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Weekly Devotionals

In Light Of The Finitude Of All Things…

16 And he told them this parable: “The ground of a certain rich man yielded an abundant harvest. 17 He thought to himself, ‘What shall I do? I have no place to store my crops.’ 18 “Then he said, ‘This is what I’ll do. I will tear down my barns and build bigger ones, and there I will store my surplus grain. 19 And I’ll say to myself, “You have plenty of grain laid up for many years. Take life easy; eat, drink and be merry.”’ 20 “But God said to him, ‘You fool! This very night your life will be demanded from you. Then who will get what you have prepared for yourself?’  – Luke 12:16~20

I have been thinking about the finitude of all things lately. In fact, I have been thinking about it a lot. There has certainly been a lot of news around me of people who are passing away, either of old age, or by some untimely sickness, or perhaps I am simply just more aware of those things as I myself am getting old. Whether it’s another 30 years or 20, or simply around the corner from an unexpected event, it will all end “under the sun” as King Solomon puts it.

And on that day, we will take nothing from this world, and naked we will go, and we all have to face our Maker to give an account of our lives. And no matter how much I think about the “good things” I have done and stacked up in this world, if I am truly honest to myself and think about all the things that are public and private in my life, the seen things and the unseen things, it is immeasurably undeserving with the Grace from our Father, who knows and sees everything. Apostle Paul’s self-depiction of “… sinners, of whom I am the worst” (1 Timothy 1:15) comes to mind…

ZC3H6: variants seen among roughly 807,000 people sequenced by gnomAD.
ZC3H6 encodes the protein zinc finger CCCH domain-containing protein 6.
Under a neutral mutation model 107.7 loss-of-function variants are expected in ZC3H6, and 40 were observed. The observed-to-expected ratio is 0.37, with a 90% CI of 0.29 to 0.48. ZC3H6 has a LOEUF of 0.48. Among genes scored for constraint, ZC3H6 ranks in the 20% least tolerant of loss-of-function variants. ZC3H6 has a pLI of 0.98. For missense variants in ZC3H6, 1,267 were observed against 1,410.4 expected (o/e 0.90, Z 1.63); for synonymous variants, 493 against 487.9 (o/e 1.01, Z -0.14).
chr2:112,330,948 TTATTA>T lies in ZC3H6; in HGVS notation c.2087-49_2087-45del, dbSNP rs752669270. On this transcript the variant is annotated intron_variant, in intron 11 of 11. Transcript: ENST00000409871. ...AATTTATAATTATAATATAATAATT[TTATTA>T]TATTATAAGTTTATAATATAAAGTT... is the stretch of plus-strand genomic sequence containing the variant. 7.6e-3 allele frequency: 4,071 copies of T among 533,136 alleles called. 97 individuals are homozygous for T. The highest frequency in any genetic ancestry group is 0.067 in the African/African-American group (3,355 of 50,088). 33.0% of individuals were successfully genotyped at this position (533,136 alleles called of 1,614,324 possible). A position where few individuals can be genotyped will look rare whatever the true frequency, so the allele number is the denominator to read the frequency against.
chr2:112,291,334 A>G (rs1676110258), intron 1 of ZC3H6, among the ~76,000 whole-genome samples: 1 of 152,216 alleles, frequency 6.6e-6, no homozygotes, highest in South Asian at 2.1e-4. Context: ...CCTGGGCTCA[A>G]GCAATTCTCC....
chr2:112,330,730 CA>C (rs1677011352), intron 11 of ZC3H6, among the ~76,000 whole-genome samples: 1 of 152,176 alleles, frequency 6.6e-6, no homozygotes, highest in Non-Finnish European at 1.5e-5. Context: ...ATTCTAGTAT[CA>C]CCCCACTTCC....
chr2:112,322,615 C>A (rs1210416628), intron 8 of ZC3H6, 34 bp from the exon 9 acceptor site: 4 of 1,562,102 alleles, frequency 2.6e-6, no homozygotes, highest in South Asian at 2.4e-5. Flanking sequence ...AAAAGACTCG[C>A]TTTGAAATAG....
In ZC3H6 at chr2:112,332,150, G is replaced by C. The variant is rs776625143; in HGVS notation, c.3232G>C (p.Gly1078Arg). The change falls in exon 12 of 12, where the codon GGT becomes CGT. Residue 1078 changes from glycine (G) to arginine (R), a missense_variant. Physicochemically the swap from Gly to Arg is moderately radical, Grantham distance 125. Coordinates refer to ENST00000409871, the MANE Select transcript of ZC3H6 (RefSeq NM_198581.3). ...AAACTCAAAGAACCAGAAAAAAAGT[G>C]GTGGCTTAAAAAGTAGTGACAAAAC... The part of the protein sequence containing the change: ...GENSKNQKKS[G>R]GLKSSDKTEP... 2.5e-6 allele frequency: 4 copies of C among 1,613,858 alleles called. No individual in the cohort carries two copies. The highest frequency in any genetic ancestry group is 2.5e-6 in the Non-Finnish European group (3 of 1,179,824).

Looking at the world and my life through this increased perspective of life’s finitude forces me to undeniably think about two things: First, that I ought to live my life in the present with the sense of eternity. That there is a continuation after this life and that eternity matters far more than this world that will end. This helps put into perspective everything I do, everything I aspire for, every ambition, how I see others.  It puts in the balance what matters and what does not really matter. And secondly, an immense gratitude for the Gospel, this undeserving Grace, that we are a recipient of.

I am not sure if this will really resonate with everyone who reads this, as I believe one has to really be in a stage of life to take this deeply in. When I was younger, I wasn’t thinking of these things, as my mind was so much more preoccupied with the immediate things I could see. But I wish I could tell my younger self to pause and think. It would have helped me a lot. I hope it’s a food for thought this morning.

Wishing everyone a great week!